• Other systems in the ecosystem and how they interact with the subject solution

Examples of direct observation could include:

  • A Product Owner traveling onsite to examine the solution environment
  • A System Architect examining detailed production environment logs
  • A team of solution builders gathering data from adjacent solutions in the Operational Value Stream

Simulating the Solution Environment During Development

To understand how the solution context will affect the solution under development, it is usually necessary to approximate or mimic the solution environment. As Figure 4 illustrates, this involves selecting and simulating key aspects of the environment so that testing can be performed more frequently. This requires investments in simulation technology, but the solution’s value offsets these costs demonstrated incrementally and empirically.

Examples of simulation methods include test harnesses, labs, wind tunnels, digital twins, and mule vehicles. Cyber-physical solution builders leverage Model-Based Systems Engineering (MBSE) to mimic the solution environment’s software- and hardware-based aspects.

Figure 4. Agile team simulates aspects of the solution environment during the development
Figure 4. Agile team simulates aspects of the solution environment during the development

For software, simulation environments are an essential prerequisite to a reliable continuous deployment pipeline so that testing can occur during development and at the deployment point. (see Continuous Delivery and DevOps).

Simulating the solutions context in the development environment significantly reduces the cost of exposing it to its actual environment and accelerates the feedback loop. However, every approximation instantiates and simulates only a portion of the solution context. Agile teams must be mindful of this limitation and appreciate that ‘the map is not the territory.’ They should not rely solely on these simulations but use them in conjunction with exposure to the actual operational environment.

Testing the Riskiest Solution Characteristics in Context

The solution’s characteristics critical to its proper functioning are the highest priority for testing in the solution environment. As development progresses, the answer must be quickly exposed to the operational environment to test these characteristics in context. Typically, this involves investments in prototypes and simulations of varying fidelity.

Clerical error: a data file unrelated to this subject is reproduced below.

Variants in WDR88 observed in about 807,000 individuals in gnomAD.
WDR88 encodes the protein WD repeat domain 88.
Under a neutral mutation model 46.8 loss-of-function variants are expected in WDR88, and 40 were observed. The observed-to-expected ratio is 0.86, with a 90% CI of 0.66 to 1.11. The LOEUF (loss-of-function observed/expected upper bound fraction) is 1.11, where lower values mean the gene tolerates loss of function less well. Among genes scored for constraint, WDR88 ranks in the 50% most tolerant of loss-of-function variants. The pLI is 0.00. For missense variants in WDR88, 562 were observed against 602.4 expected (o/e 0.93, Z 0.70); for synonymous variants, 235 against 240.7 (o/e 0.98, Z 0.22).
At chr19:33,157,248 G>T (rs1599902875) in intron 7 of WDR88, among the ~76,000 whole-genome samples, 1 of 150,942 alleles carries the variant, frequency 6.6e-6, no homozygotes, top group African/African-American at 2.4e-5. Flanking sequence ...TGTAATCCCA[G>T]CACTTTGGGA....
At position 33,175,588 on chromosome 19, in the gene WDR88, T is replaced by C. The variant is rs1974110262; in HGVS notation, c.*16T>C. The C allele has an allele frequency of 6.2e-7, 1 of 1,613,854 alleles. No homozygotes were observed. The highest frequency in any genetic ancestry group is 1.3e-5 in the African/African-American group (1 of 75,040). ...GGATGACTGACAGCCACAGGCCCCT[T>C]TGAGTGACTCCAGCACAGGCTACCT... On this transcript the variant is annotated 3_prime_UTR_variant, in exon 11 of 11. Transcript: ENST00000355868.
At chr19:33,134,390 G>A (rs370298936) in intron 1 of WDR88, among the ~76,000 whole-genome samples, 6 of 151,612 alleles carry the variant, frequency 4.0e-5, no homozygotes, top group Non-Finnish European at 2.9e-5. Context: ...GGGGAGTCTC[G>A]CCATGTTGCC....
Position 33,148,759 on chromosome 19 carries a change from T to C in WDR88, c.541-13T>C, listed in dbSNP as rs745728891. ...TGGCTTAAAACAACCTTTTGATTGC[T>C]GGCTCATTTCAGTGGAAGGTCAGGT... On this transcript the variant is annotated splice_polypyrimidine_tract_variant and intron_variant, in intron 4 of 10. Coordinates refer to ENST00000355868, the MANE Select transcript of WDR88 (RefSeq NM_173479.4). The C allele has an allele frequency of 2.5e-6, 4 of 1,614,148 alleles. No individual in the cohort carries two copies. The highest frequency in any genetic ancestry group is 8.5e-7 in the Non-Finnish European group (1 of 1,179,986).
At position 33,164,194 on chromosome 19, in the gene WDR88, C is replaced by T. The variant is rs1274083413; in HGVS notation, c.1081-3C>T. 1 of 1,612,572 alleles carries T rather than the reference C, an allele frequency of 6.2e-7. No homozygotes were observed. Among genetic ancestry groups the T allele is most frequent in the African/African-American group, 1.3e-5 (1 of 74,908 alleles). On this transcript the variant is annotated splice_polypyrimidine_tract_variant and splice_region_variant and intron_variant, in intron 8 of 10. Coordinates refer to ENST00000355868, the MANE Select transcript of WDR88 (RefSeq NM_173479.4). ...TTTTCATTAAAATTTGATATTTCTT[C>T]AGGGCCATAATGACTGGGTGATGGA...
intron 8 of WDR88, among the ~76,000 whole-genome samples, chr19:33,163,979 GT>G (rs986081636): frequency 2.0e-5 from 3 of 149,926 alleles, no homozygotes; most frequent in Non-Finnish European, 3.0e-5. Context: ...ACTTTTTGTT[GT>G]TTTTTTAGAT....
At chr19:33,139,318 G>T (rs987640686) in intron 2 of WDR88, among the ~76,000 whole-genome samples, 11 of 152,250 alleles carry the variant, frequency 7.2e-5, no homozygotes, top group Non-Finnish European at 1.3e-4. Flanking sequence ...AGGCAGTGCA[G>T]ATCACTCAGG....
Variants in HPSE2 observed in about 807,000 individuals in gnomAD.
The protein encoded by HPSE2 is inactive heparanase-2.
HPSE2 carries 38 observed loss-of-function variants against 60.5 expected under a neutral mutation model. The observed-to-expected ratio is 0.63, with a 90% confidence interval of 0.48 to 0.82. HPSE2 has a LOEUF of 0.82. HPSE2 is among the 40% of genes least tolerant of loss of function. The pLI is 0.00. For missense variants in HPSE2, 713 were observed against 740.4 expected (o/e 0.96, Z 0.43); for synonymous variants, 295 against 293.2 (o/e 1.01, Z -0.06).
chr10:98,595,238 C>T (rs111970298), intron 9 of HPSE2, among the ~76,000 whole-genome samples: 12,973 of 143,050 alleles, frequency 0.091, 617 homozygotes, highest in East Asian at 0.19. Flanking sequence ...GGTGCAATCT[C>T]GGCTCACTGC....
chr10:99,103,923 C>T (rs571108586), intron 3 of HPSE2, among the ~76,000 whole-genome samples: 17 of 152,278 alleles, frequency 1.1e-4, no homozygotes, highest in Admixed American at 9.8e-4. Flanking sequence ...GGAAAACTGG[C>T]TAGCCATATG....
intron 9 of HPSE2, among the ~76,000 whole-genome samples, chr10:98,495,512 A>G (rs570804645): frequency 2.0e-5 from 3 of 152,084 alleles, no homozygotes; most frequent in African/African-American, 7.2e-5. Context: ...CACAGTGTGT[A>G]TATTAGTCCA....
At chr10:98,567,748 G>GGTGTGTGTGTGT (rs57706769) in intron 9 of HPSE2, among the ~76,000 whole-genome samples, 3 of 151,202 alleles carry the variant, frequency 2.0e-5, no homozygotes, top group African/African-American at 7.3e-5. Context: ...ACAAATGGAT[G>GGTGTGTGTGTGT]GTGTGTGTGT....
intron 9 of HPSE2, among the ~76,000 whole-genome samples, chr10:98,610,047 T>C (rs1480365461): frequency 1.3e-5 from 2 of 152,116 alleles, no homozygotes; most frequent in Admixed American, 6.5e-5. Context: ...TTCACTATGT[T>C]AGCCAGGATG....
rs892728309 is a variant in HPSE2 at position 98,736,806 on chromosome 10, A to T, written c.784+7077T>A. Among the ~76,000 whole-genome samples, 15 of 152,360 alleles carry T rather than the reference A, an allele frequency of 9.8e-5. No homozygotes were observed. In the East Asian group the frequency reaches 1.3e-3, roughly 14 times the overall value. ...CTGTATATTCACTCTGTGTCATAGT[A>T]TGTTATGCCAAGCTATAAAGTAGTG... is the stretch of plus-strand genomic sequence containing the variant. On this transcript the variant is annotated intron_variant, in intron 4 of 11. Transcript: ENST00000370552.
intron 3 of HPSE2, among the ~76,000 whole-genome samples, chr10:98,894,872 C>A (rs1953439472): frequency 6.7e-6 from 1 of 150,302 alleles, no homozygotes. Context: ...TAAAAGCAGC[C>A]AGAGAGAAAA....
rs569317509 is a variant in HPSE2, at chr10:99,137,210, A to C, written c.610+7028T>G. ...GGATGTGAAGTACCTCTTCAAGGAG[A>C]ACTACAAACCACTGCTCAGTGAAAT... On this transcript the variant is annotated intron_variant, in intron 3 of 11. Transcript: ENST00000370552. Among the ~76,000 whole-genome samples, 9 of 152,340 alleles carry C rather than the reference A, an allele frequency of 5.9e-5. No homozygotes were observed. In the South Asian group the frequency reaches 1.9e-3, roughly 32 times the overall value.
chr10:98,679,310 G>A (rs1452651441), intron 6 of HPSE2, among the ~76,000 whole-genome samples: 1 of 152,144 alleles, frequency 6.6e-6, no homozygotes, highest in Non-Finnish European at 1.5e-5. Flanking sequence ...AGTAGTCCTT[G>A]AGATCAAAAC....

In the case of a software solution, for example, it may be critical to test a core algorithm, a differentiating feature, page load speed, or the end-to-end user experience in the operating environment. Cyber-physical system builders may need to perform early tests using a subset of sensors, actuators, or reduced data sets before creating a complete, integrated solution.

Testing the Full Solution in Context

At some point, the integrated solution must be exposed to its actual environment. Even then, however, it needn’t be an all-or-nothing affair, and various aspects of the solution may be incrementally tested against various aspects of its context. For example, in the case of software systems, two commonly used approaches are ‘shadow testing’ and ‘canary releases.’ Shadow testing involves creating a ‘sandbox’ (isolated working area) in the actual solution’s environment and deploying and testing the new version there before its official release (Figure 5).

Figure 5. Shadow testing validates a solution in ‘dark mode’ in its production environment
Figure 5. Shadow testing validates a solution in ‘dark mode’ in its production environment

A ‘canary release’ exposes a fully functional solution to a small subset of users. This allows the solution to be validated in the production environment while minimizing the impact of unforeseen issues.

Canary builds, and shadow releases are also used in hardware and cyber-physical system development; however, they usually have different names.

Additionally, testing a cyber-physical system in context requires the actual production of the system. A fully functional, integrated prototype or ‘first article’ must be tested in its operational environment before additional units are built.

Address the Evolving Solution Context

Solution context rarely remains static over the lifespan of the solution. While some elements may remain unchanged, others can change, sometimes radically. For example, customer usage or load patterns may shift dramatically; new solutions may be incorporated into the ecosystem that changes the operating environment, or regulations may change suddenly. It is not uncommon for a seemingly minor change in solution context to cause major upheavals in solution design.

After releasing a solution, teams are naturally anxious to build the next one. But every release reveals new unknowns about the operating environment. This necessitates treating the solution context as seriously as the solution itself.

Last update: 22 May 2023